Tuesday, March 15, 2011

Statute of Limitations

Let's talk about things that happened in 2006. Right about now in 2006, the songs we heard incessantly on the radio included the following:

Lean Wit It, Roc Wit It, Shoulder Lean, Poppin My Collar, Ridin, Chasing Cars, Bad Day, You're Beautiful, Dark Blue, Do It To It.

Cool. At what point are we going to just stand up and admit that 2006 was kind of a long time ago, and what we were doing five years ago doesn't really apply anymore? Well, it depends on who you ask.

In Red Sox world, we're still talking about Daisuke Matsuzaka's Japanese training regimen. Here's a news flash: Daisuke's last offseason in Japan was five years ago. Is it really logical, rational, or even relevant what the guy did back when he was 26 as he's now closer to 31 than 30? We get that he and undisputable omniscient genius John Farrell never really saw eye-to-eye on the player's training in between starts, and it seems like he's gotten off on the same foot with Curt Young. We know that he pitched a lot better when he was getting his Rocky IV on all winter. We also know that he was facing inferior hitters that you can throw strikes to and get outs.

I have said for a little while that the Red Sox should let the player do what he wanted to, if for nothing else, to satisfy superstition and routine. This year might have been the year to do it, to be honest. New coach, new year, new everything, two years left on the player's deal. The player can do it his way. If he sucks again (which he didn't today), do it our way. But unfortunately, this ship has sailed, as spring training started over a month ago.

Honestly, the way I feel about the player right now is that what happened five years ago no longer matters. I do think that the stuff that happened at age 26 and before has adversely affected him - in other words, that this guy might not have any bullets left. But insisting on a training regimen that is now as antiquated as "Hips Don't Lie" is foolish. It's really time for Matsuzaka to let go of the glory years and put his trust in Curt Young and the Red Sox. Without the overwhelming nostalgic aspect of it, it seems like their opinions might be more valid than his own.

It's time to drop what happened five years ago and try to figure out how to become a consistent pitcher this year and beyond. It might start with getting yourself a fresh arm.


Anonymous said...


Daisuke Matsuzaka is probably the only reason that the Sox are keeping Wakefield around. No parts of that sentence can possibly make anyone feel good.

At this point, Matsuzaka needs to realize that he is not nearly what he was advertised to be. In the AL East he's a borderline rotation guy at best. You don't spend $103 million on that type of production. His way of working out in the winter has obviously not produced the results he's been looking for. Why not try what the Sox are proposing? It's not like it can get any worse than these past two years where he's vacillated between being awful or irrelevant.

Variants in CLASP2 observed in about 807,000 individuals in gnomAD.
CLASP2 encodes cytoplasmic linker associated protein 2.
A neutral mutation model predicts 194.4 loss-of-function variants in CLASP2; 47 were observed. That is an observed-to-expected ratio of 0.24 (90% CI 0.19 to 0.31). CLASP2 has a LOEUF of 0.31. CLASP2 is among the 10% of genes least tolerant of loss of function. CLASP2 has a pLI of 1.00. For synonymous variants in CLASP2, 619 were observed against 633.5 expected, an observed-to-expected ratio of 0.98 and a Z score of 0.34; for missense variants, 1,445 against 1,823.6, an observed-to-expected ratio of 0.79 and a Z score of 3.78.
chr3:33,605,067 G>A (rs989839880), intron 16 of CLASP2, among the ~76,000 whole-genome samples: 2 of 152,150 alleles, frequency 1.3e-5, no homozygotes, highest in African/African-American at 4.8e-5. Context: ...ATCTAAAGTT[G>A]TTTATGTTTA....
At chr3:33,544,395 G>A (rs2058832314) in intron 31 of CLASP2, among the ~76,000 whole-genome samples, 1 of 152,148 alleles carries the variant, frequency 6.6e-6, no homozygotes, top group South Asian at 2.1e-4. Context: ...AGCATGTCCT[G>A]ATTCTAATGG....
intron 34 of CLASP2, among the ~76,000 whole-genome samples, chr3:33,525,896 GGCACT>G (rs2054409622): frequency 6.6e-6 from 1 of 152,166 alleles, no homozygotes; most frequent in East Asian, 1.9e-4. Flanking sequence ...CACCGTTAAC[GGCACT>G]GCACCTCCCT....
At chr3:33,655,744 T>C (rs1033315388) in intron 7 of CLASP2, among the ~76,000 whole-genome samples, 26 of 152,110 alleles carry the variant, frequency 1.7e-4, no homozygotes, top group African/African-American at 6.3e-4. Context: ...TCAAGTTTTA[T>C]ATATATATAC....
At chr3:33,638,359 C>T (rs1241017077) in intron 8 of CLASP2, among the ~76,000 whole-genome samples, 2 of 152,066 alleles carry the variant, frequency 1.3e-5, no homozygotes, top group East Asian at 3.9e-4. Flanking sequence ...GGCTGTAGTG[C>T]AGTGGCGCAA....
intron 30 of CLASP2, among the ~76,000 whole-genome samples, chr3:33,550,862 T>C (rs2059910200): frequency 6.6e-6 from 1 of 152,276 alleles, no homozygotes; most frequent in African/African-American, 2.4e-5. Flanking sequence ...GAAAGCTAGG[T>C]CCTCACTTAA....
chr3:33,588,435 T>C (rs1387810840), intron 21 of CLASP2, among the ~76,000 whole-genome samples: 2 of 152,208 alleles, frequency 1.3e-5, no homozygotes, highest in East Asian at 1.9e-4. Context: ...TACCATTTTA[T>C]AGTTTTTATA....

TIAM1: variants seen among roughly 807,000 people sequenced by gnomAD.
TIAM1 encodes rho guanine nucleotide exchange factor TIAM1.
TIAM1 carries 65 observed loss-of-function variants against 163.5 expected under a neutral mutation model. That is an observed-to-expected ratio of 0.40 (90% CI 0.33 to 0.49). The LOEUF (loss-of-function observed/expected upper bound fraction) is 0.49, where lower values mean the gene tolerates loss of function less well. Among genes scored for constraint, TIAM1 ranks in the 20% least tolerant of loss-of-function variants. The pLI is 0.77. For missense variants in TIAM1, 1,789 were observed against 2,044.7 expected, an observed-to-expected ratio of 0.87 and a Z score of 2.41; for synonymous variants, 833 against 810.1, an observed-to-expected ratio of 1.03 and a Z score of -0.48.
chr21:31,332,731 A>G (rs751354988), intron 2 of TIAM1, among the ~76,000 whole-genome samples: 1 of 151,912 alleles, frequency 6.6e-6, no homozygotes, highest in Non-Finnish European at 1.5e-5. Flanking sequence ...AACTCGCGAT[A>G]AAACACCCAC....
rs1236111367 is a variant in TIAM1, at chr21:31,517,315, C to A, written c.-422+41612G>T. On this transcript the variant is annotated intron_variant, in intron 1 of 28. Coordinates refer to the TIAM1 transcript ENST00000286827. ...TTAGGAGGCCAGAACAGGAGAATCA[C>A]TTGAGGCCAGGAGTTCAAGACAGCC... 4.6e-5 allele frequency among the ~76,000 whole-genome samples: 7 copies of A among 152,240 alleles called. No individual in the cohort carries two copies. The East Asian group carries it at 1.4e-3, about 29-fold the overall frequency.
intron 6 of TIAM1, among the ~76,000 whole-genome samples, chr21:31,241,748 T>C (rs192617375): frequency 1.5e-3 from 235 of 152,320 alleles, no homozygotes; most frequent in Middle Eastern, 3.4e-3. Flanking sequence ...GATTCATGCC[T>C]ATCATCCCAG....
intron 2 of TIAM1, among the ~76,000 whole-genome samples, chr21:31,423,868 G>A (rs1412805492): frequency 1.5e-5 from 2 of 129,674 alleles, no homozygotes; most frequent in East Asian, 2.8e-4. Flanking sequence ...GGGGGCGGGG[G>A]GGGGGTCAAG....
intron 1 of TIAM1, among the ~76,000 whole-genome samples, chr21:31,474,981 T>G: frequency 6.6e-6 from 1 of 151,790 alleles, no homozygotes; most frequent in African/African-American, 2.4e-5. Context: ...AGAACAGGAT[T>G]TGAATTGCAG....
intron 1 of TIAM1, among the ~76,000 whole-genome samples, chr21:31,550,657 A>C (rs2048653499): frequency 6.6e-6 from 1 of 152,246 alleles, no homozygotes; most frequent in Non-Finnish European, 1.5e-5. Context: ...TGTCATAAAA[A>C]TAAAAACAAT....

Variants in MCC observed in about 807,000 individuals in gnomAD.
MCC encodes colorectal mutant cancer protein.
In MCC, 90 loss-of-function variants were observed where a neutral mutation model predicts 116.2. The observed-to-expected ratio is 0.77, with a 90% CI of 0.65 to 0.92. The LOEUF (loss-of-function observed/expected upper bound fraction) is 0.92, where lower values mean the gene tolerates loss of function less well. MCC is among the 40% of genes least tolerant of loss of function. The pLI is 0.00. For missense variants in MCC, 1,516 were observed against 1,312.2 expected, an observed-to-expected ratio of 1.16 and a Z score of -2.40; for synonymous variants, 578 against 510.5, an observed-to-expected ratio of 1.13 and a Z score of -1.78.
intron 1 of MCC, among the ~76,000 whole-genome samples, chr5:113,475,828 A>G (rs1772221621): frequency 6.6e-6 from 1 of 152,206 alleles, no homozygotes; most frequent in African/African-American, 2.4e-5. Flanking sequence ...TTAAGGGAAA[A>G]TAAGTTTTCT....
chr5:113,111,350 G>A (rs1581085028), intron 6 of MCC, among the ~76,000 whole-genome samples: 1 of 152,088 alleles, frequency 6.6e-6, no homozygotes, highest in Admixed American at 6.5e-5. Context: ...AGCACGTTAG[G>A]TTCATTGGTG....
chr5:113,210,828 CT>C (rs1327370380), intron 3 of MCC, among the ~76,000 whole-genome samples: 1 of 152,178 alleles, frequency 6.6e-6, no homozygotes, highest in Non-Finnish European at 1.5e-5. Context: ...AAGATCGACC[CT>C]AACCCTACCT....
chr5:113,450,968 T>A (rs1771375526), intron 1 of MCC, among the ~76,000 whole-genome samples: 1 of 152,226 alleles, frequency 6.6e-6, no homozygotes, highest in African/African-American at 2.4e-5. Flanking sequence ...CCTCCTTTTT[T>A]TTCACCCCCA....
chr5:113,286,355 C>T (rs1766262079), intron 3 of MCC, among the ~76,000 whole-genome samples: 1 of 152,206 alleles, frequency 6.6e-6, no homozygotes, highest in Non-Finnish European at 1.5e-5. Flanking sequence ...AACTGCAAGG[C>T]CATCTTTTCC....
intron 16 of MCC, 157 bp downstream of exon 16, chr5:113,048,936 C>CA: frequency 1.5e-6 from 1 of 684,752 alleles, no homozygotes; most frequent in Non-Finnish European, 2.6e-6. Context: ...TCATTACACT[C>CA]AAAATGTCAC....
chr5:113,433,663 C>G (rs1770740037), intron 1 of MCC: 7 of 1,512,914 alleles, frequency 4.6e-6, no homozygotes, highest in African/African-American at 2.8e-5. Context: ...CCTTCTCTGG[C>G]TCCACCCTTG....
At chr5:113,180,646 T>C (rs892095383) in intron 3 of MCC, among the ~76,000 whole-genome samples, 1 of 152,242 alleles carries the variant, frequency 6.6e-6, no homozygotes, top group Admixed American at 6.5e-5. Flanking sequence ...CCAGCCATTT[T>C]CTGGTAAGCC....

--the Gunn

Anonymous said...


Could we take a minute to recognize the work and achievements of the late Nate Dogg?

While I'm not a huge rap fan, the song Regulate will go down as a top 5 All-Time basketball warmup song, and was guaranteed to make you feel 10 times tougher than you actually were after listening to it.


the gm said...


1. Aceves for the win.
2. The problem I have had with the winters is that it seems like it's been a poorly-constructed hybrid of the Japanese training program and the American training program. I once heard this line on "The Real World:" "Pick one and stick with it." Matsuzaka hasn't done that. And neither had the Real World character - and I'm sure you know what I'm talking about. At this point, for the 2011 season (as well as 07-10), it's too late to change that, as pitchers and catchers reported over a month ago.

Here's the next question (and I might just re-post it as a separate blog post tonight): What is Matsuzaka's Japanese success and American failure the result of?


Rap lost a legend today. Regulate was good, but he's just kind of there punctuating a lot of songs that have transcended songs. Next Episode - he was there. Area Codes - he was there. Losing Control - he was there. And those are just the hits. He's been a critical element of so many songs. My boy John once said this about John Mayer: when he turns on the radio and hears a new John Mayer song, he's like, "ah crap, there's John Mayer again."

With Nate Dogg, it was the opposite. You turn on the radio and Nate Dogg's doing his thing, and it's like, "sweet, there's Nate Dogg again!"

John said...


Have to believe that was a shout out to me there(I have said that many times, at least to myself). Odd that this is the day I am trying(again) to make my return to this blog. Anyway... just read this article by Joe Posnanski and I'm not sure if anyone else enjoys reading him as much as I do, but I figured I'd link to it. http://joeposnanski.si.com/2011/03/16/carrying-a-team/?eref=sihp

Like he says, nothing groundbreaking but interesting nonetheless.